This study’s mortality findings raise questions regarding race and mental illness. Excessive mortality among mental illness decedents compared with all Ohio decedents was much higher for nonblack than for black mental illness decedents, especially black men. Does the “lower” mortality for black men reflect worse socioeconomic or primary care availability to black men in general, or is there a protective factor benefiting the black man who has mental illness?
In addition, findings from this study suggest that research and health care programs should address modifiable risk factors, such as health screening, education, and treatment programs for epidemic problems such as obesity, smoking, and substance use disorders. Suicide- and violence-related assessment and prevention programs with a focus on mental illness must be created and implemented in public, military, veterans, and private health care sectors. Focused approaches should be developed especially for patients with complex comorbidity, including those with mental illness, considering that only 5% of the U.S. population account for half of the nation’s total health care spending (www.commonwealthfund.org). Findings from this study underscore the need for learning more about specifics of complex comorbidities that lead to increasing health care costs along the path of terminal suffering and death.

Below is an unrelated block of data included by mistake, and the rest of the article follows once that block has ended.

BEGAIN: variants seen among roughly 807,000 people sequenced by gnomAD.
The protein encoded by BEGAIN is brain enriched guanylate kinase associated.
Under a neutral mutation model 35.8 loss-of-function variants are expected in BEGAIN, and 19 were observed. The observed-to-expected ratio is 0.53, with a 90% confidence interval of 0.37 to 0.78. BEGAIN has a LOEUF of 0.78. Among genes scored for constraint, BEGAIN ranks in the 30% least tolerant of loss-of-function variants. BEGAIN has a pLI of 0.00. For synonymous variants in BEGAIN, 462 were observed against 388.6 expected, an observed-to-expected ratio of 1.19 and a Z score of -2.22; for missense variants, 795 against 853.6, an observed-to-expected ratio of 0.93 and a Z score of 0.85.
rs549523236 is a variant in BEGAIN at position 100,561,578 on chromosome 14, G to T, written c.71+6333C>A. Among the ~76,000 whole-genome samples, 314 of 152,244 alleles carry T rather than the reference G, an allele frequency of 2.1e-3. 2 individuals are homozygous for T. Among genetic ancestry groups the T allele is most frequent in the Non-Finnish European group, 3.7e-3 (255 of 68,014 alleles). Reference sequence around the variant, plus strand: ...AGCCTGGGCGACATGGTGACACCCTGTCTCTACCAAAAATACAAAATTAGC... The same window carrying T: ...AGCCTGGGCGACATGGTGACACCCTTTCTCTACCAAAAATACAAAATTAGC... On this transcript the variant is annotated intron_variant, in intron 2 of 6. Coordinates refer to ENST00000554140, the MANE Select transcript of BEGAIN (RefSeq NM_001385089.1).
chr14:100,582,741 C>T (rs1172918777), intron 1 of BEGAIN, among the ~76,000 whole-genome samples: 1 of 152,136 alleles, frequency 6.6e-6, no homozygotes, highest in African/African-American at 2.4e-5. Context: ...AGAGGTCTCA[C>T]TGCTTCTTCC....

Although this study reveals critical information, we also found several limitations that may inform future data tracking. We compared causes of death and measures of excess mortality between mental illness decedents and all Ohio decedents only; however, data sources were unavailable to identify the perhaps large numbers of decedents with mental illness who were treated in the private sector, military, and U.S. Department of Veterans Affairs or who were undiagnosed and untreated. Because a decade of significant U.S. military combat operations encompassed the years of this study, knowing which of these decedents served in combat or suffered from mental illness as a result of their military service would be useful information. In addition, our study excluded the large number of individuals (N=15,713) who were enrolled in the ODMH system but did not receive mental health services, some of whom may have unknown mental illness. We do not know which treatment modalities were used. We also must note limitations with the accuracy of the underlying cause of death due to reliance on death certificates. In the overall analysis, we found some variations by year but not large enough to warrant temporal trend analysis, and thus the cross-sectional analysis led only to correlation and not to causality of mental illness in regard to mortality. Finally, because this study was limited to Ohio decedents, findings may not generalize to other states.